Quality of 2020 corn silage good for dairy cows

Quality of 2020 corn silage good for dairy cows

Dr. Werner Scholz | Dreamstime.com

Dairy nutrition expert says this year’s corn crop produced silage with good digestibility

The digestibility of corn silage affects the overall production of dairy cattle, and the 2020 corn crop has a high digestibility, according to Dr. Luiz Ferraretto, University of Wisconsin-Madison Department of Dairy Science & Extension ruminant nutrition specialist.

“The first impression we have about the 2020 corn silage is that it looks like a very good crop,” he said recently during a UW-Madison Extension webinar. “The fiber digestibility is greater (than some previous years), and I think that’s a great thing to see.”

He also said the dry matter of the corn crop is slightly higher this year than in 2019, and that the 2020 corn silage has good starch digestibility.

“I think we have a crop where we have two of the main nutrients more digestible than usual … which allows us to manipulate diets in different ways and I think it fits very well with the idea of establishing higher-forage diets if inventory allows you to because this way you have, first, more digestible fiber, but also you have more digestible starch and perhaps you can save some room in the diet by removing some of the corn and adding some cheaper byproducts, for example, so this is another strategy that this corn silage may allow you to do,” he said.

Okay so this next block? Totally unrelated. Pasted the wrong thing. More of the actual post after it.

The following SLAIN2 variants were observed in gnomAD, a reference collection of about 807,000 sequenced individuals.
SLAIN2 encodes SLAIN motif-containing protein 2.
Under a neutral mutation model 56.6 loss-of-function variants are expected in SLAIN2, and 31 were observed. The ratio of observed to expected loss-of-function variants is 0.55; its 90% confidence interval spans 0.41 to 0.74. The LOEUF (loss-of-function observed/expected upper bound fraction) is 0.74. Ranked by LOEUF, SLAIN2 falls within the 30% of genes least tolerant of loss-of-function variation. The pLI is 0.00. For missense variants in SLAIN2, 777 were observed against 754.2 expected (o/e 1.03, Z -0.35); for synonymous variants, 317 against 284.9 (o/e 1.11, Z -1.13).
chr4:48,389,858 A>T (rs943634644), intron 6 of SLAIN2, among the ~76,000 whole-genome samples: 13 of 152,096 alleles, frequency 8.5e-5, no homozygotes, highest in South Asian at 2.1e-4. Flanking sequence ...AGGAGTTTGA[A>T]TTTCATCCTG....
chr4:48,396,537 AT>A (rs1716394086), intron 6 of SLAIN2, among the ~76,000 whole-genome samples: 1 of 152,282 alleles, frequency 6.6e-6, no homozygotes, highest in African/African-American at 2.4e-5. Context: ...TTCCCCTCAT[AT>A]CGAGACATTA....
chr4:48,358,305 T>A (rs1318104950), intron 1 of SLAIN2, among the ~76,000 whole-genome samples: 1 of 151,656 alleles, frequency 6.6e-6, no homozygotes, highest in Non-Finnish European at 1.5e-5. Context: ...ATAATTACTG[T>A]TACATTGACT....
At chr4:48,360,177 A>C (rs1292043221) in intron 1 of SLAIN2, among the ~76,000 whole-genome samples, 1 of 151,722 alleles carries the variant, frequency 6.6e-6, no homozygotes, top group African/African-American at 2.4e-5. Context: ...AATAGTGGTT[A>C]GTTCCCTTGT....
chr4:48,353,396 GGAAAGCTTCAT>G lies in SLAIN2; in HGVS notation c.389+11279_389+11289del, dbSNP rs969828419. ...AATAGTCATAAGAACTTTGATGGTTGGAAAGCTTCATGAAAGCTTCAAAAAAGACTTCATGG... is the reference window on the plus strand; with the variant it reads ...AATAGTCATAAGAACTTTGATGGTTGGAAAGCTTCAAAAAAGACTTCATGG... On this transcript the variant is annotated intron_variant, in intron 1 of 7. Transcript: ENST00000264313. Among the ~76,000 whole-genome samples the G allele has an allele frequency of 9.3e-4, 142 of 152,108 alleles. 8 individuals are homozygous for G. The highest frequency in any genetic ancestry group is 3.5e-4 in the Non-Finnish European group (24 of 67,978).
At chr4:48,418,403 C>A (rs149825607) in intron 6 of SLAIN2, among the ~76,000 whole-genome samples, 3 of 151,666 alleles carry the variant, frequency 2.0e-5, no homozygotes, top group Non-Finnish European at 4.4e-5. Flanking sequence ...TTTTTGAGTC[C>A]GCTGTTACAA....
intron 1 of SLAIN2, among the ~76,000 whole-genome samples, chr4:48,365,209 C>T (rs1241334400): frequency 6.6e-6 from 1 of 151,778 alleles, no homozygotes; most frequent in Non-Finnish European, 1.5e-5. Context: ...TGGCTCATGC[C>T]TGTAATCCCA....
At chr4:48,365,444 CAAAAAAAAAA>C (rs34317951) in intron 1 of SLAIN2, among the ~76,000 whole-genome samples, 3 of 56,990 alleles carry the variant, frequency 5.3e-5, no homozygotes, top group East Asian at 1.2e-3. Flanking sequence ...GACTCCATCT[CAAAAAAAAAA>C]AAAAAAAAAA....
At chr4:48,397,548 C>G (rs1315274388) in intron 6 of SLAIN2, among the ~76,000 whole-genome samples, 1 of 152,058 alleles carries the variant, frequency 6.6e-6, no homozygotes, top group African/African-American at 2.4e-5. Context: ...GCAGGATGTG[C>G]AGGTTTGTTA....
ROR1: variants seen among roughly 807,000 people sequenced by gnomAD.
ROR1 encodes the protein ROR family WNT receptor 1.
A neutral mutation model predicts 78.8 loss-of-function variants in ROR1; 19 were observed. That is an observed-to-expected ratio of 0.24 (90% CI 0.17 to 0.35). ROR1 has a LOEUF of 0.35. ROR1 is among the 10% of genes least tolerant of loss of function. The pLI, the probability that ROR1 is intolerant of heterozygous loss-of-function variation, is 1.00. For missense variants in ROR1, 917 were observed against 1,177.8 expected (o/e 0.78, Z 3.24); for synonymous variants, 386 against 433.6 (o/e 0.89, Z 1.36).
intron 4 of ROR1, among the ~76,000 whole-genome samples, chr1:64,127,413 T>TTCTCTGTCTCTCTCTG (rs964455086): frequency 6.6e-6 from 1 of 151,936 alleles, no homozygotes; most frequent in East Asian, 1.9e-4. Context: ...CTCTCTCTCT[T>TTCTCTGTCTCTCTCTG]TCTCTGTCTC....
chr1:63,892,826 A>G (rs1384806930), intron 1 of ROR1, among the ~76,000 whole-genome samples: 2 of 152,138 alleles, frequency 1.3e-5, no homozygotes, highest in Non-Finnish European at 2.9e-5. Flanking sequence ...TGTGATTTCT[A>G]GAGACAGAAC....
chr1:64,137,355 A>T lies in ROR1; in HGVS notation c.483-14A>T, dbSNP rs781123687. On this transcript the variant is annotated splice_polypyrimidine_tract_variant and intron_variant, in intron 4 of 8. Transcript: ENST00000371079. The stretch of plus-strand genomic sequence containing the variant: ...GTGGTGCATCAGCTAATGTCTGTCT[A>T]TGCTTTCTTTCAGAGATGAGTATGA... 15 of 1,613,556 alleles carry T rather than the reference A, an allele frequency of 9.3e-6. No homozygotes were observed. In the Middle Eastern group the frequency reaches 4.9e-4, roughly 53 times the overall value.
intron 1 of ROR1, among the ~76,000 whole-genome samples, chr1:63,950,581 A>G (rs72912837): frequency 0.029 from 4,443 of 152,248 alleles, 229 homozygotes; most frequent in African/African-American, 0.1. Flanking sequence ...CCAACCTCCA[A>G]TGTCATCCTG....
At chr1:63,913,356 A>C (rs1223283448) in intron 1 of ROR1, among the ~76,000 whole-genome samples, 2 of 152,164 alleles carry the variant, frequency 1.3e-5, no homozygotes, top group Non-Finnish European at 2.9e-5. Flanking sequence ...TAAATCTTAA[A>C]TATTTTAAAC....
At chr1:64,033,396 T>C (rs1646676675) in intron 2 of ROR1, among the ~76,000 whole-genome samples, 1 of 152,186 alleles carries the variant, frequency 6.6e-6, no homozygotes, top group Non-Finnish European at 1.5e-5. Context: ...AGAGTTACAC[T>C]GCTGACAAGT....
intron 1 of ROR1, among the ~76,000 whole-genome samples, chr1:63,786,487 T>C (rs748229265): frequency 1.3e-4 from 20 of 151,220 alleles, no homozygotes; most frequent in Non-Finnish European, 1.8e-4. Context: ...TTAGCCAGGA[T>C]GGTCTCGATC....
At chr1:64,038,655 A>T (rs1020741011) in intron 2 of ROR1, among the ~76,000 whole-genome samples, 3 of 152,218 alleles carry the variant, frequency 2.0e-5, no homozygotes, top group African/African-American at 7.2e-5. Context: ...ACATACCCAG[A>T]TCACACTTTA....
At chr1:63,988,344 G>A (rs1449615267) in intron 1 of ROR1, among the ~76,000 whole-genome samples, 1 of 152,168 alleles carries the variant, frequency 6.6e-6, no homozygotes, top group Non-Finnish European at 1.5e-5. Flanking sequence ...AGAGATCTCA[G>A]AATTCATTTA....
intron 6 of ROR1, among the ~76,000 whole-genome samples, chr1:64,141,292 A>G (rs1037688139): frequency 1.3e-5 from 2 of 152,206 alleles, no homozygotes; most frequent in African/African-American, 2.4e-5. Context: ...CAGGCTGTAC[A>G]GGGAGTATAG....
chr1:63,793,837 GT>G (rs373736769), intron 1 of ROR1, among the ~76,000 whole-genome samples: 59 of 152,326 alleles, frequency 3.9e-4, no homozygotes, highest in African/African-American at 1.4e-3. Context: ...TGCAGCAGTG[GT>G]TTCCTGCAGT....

The quality of the “crop plays a major role, so if you have a crop that is not so digestible, this may drastically affect the overall production” of dairy cattle, he said.

Having good quality forage, like this year’s corn silage, allows producers to achieve better feed efficiency and save on feed costs.

“Perhaps the establishment of high-forage diets will allow you to reduce a little bit the cost of the diet,” he said. “So, perhaps there is opportunity this year to establish a little bit higher forage diets without any issues because the digestibility values are good.”

Conversely, lower digestibility will lead cows to consume less forage and increase feed costs.

“If you feed low digestibility diets, in terms of fiber, cows will have between 5 and 15% lower intake and they will spend 5-20% more time in the feed bunk. So, because corn silage looks much better in 2020 from a fiber digestibility perspective, perhaps intakes will be good and animals will consume for a smaller period of time and perhaps spend more time resting, ruminating and so on,” Ferraretto said.